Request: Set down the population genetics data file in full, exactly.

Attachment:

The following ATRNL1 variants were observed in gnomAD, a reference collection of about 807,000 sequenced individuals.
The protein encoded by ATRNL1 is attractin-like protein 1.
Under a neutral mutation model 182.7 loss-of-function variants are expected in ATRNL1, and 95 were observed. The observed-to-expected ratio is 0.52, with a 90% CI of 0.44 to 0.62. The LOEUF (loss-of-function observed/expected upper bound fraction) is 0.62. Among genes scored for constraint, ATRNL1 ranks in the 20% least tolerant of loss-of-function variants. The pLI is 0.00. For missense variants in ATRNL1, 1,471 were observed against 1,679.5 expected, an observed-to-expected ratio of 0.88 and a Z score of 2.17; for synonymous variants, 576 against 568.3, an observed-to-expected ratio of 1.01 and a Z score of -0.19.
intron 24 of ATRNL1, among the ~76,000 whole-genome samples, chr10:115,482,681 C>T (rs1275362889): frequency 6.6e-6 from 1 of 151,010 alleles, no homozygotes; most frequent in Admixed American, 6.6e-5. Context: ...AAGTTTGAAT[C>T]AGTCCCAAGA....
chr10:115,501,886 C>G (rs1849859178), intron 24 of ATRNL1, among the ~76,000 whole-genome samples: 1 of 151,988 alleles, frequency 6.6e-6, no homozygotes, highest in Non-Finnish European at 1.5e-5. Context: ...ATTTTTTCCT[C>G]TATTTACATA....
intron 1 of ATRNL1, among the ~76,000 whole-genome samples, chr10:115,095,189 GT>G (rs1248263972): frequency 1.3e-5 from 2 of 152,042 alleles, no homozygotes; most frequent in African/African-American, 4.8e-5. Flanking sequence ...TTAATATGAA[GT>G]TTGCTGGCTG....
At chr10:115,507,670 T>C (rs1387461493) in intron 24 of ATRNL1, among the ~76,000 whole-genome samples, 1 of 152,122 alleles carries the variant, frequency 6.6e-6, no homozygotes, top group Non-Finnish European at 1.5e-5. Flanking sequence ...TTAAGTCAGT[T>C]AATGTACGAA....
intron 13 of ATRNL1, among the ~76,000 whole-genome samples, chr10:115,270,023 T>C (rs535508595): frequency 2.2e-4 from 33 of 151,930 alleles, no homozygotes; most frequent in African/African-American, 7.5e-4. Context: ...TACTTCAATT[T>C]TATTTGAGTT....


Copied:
The following ATRNL1 variants were observed in gnomAD, a reference collection of about 807,000 sequenced individuals.
The protein encoded by ATRNL1 is attractin-like protein 1.
Under a neutral mutation model 182.7 loss-of-function variants are expected in ATRNL1, and 95 were observed. The observed-to-expected ratio is 0.52, with a 90% CI of 0.44 to 0.62. The LOEUF (loss-of-function observed/expected upper bound fraction) is 0.62. Among genes scored for constraint, ATRNL1 ranks in the 20% least tolerant of loss-of-function variants. The pLI is 0.00. For missense variants in ATRNL1, 1,471 were observed against 1,679.5 expected, an observed-to-expected ratio of 0.88 and a Z score of 2.17; for synonymous variants, 576 against 568.3, an observed-to-expected ratio of 1.01 and a Z score of -0.19.
intron 24 of ATRNL1, among the ~76,000 whole-genome samples, chr10:115,482,681 C>T (rs1275362889): frequency 6.6e-6 from 1 of 151,010 alleles, no homozygotes; most frequent in Admixed American, 6.6e-5. Context: ...AAGTTTGAAT[C>T]AGTCCCAAGA....
chr10:115,501,886 C>G (rs1849859178), intron 24 of ATRNL1, among the ~76,000 whole-genome samples: 1 of 151,988 alleles, frequency 6.6e-6, no homozygotes, highest in Non-Finnish European at 1.5e-5. Context: ...ATTTTTTCCT[C>G]TATTTACATA....
intron 1 of ATRNL1, among the ~76,000 whole-genome samples, chr10:115,095,189 GT>G (rs1248263972): frequency 1.3e-5 from 2 of 152,042 alleles, no homozygotes; most frequent in African/African-American, 4.8e-5. Flanking sequence ...TTAATATGAA[GT>G]TTGCTGGCTG....
At chr10:115,507,670 T>C (rs1387461493) in intron 24 of ATRNL1, among the ~76,000 whole-genome samples, 1 of 152,122 alleles carries the variant, frequency 6.6e-6, no homozygotes, top group Non-Finnish European at 1.5e-5. Flanking sequence ...TTAAGTCAGT[T>C]AATGTACGAA....
intron 13 of ATRNL1, among the ~76,000 whole-genome samples, chr10:115,270,023 T>C (rs535508595): frequency 2.2e-4 from 33 of 151,930 alleles, no homozygotes; most frequent in African/African-American, 7.5e-4. Context: ...TACTTCAATT[T>C]TATTTGAGTT....